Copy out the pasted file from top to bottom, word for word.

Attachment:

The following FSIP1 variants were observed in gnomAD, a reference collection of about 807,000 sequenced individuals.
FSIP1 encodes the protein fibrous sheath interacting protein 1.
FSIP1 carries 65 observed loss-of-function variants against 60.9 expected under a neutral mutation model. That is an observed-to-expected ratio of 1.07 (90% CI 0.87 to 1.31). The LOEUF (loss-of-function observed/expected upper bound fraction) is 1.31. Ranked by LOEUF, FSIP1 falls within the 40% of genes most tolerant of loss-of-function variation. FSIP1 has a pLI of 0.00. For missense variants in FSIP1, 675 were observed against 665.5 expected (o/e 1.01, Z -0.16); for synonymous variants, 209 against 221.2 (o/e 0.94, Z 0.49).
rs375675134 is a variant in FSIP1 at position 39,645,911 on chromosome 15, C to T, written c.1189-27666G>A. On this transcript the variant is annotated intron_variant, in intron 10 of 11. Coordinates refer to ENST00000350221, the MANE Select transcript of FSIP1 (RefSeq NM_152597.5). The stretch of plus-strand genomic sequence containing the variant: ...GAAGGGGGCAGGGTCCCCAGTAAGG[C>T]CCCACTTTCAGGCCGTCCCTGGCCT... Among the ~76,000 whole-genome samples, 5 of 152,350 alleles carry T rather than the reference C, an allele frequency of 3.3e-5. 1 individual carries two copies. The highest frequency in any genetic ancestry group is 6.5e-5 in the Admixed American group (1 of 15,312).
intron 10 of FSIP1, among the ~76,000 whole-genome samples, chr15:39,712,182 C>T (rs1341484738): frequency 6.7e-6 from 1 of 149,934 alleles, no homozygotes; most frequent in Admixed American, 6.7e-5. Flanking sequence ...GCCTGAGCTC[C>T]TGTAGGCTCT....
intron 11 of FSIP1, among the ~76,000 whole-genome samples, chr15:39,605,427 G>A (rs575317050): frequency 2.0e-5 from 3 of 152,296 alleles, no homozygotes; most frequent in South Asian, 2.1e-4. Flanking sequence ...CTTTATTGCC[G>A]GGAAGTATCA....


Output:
The following FSIP1 variants were observed in gnomAD, a reference collection of about 807,000 sequenced individuals.
FSIP1 encodes the protein fibrous sheath interacting protein 1.
FSIP1 carries 65 observed loss-of-function variants against 60.9 expected under a neutral mutation model. That is an observed-to-expected ratio of 1.07 (90% CI 0.87 to 1.31). The LOEUF (loss-of-function observed/expected upper bound fraction) is 1.31. Ranked by LOEUF, FSIP1 falls within the 40% of genes most tolerant of loss-of-function variation. FSIP1 has a pLI of 0.00. For missense variants in FSIP1, 675 were observed against 665.5 expected (o/e 1.01, Z -0.16); for synonymous variants, 209 against 221.2 (o/e 0.94, Z 0.49).
rs375675134 is a variant in FSIP1 at position 39,645,911 on chromosome 15, C to T, written c.1189-27666G>A. On this transcript the variant is annotated intron_variant, in intron 10 of 11. Coordinates refer to ENST00000350221, the MANE Select transcript of FSIP1 (RefSeq NM_152597.5). The stretch of plus-strand genomic sequence containing the variant: ...GAAGGGGGCAGGGTCCCCAGTAAGG[C>T]CCCACTTTCAGGCCGTCCCTGGCCT... Among the ~76,000 whole-genome samples, 5 of 152,350 alleles carry T rather than the reference C, an allele frequency of 3.3e-5. 1 individual carries two copies. The highest frequency in any genetic ancestry group is 6.5e-5 in the Admixed American group (1 of 15,312).
intron 10 of FSIP1, among the ~76,000 whole-genome samples, chr15:39,712,182 C>T (rs1341484738): frequency 6.7e-6 from 1 of 149,934 alleles, no homozygotes; most frequent in Admixed American, 6.7e-5. Flanking sequence ...GCCTGAGCTC[C>T]TGTAGGCTCT....
intron 11 of FSIP1, among the ~76,000 whole-genome samples, chr15:39,605,427 G>A (rs575317050): frequency 2.0e-5 from 3 of 152,296 alleles, no homozygotes; most frequent in South Asian, 2.1e-4. Flanking sequence ...CTTTATTGCC[G>A]GGAAGTATCA....